Chemical Defense Against Different Marine Herbivores: Are Amphipods Insect Equivalents?

Ecology. 1987 Dec;68(6):1567-1580. doi: 10.2307/1939849.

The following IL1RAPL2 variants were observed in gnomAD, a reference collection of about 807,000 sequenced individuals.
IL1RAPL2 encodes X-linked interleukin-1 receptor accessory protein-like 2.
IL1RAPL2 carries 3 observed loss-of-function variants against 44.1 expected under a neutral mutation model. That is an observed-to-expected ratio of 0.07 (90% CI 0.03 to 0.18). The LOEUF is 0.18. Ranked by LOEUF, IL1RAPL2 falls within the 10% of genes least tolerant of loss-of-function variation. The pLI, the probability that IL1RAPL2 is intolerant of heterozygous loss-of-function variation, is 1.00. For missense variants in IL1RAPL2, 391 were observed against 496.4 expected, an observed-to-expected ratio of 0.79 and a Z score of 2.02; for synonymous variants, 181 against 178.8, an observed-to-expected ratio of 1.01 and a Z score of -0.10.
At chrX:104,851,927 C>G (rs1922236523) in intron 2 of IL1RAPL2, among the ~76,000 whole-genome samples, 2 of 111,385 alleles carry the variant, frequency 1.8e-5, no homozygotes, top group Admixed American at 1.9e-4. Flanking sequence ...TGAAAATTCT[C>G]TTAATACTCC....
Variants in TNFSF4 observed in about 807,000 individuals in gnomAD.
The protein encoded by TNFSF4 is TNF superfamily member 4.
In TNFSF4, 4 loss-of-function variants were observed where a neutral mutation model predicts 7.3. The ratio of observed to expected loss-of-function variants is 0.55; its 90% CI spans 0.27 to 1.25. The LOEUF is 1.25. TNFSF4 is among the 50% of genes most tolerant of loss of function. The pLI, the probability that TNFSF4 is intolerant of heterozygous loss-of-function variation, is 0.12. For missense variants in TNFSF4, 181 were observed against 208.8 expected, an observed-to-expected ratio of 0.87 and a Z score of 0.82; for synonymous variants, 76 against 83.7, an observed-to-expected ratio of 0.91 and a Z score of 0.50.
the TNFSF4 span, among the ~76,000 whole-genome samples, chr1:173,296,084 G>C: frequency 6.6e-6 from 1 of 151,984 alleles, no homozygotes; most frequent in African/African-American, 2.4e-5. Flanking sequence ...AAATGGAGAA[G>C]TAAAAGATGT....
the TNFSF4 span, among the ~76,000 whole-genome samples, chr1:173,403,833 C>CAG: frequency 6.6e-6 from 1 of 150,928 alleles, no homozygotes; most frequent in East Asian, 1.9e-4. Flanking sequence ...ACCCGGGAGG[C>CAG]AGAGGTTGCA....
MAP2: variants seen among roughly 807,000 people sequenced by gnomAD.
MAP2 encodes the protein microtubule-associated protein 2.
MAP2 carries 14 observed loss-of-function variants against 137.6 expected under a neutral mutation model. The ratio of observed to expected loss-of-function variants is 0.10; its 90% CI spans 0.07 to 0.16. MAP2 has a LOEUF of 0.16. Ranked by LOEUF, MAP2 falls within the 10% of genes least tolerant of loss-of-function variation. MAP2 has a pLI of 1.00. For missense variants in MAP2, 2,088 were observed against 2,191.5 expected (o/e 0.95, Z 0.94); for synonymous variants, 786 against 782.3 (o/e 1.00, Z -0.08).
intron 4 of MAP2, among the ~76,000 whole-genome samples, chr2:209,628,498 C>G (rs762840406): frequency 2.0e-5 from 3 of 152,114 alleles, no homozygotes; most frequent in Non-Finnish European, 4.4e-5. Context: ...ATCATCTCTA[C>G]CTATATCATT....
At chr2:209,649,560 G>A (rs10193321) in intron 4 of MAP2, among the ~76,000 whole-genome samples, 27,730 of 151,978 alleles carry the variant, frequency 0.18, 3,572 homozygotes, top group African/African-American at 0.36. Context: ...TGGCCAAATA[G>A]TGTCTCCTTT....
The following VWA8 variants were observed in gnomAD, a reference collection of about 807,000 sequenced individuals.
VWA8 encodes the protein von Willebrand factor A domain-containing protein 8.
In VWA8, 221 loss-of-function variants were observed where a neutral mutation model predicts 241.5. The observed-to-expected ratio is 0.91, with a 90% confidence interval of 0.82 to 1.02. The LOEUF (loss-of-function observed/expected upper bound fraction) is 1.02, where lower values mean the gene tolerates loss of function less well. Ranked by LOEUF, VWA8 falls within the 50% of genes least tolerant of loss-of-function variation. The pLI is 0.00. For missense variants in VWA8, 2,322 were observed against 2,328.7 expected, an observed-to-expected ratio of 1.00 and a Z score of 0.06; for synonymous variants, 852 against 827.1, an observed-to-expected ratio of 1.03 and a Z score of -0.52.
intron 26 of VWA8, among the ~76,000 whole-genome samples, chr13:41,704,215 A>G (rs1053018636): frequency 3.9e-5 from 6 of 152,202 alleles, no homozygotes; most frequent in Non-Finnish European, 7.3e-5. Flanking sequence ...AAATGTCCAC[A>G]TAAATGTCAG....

The Structurally similar diterpenoid alcohols pachydictyol-A and dictyol-E are produced by the brown seaweed Dictyota dichotoma. This seaweed and several related species that also produce these compounds are known to be relatively low preference foods for tropical fishes and urchins. We evaluated the effect of various concentrations of these compounds on feeding by the three common types of herbivores that co-occur with Dictyota in coastal North Carolina. Fish (Diplodus holbrooki), sea urchins (Arbacia punctulata), and a mixed species group of gammarid amphipods were offered pieces of the palatable seaweed Gracilaria tikvahiae coated with either (1) dictyol-E or pachydictyol-A dissolved in diethyl ether or (2) diethyl ether alone. Dictyol-E significantly reduced consumption by fish and urchins at concentrations of 0.5 and 1.0% of algal dry mass, but had no effect on amphipod grazing. Pachydictyol-A significantly reduced fish grazing at the relatively high concentrations of 1.0 and 1.3% of plant dry mass; at 0.5% it tended to decrease grazing, but the effect was not significant (P = .07). Pachydictyol-A had no effect on urchin grazing and significantly increased amphipod grazing. When Pachydictyol-A was fed to fish as 1.0% of food dry mass, their growth rate was reduced by a significant 48%. In feeding preference experiments with several seaweeds, Dictyota ranks low for fish and urchins but high for amphipods. This is consistent with the hypothesis that the secondary metabolites produced by Dictyota play a major role in determining its susceptibility to herbivores. The ability of amphipods to circumvent the chemical defenses (Dictyota, and the fact that the two species of algae most readily consumed by amphipods (Codium and Dictyota) were the two species least readily consumed by fish, suggest that predation and herbivory by fishes may be major factors selecting for amphipods that can live on, and eat, seaweeds that are unpalatable to fishes. Amphipods that fed on Dictyota did not appear to sequester the Dictyota metabolites; when exposed to fish predation, Dictyota-fed amphipods were eaten as readily as amphipods that had fed on an alga with no defensive chemistry. Tubicolous amphipods and other small marine herbivores that may spend significant portions of their lives on only a few plants my be under very different evolutionary constraints than the larger, more mobile herbivores that commonly moved between many plants. Several characteristics of these smaller, less mobile, and much less studied, marine herbivores suggest that they may be ecologically similar to terrestrial insects and may play a large, but presently unappreciated, role in structuring marine plant communities.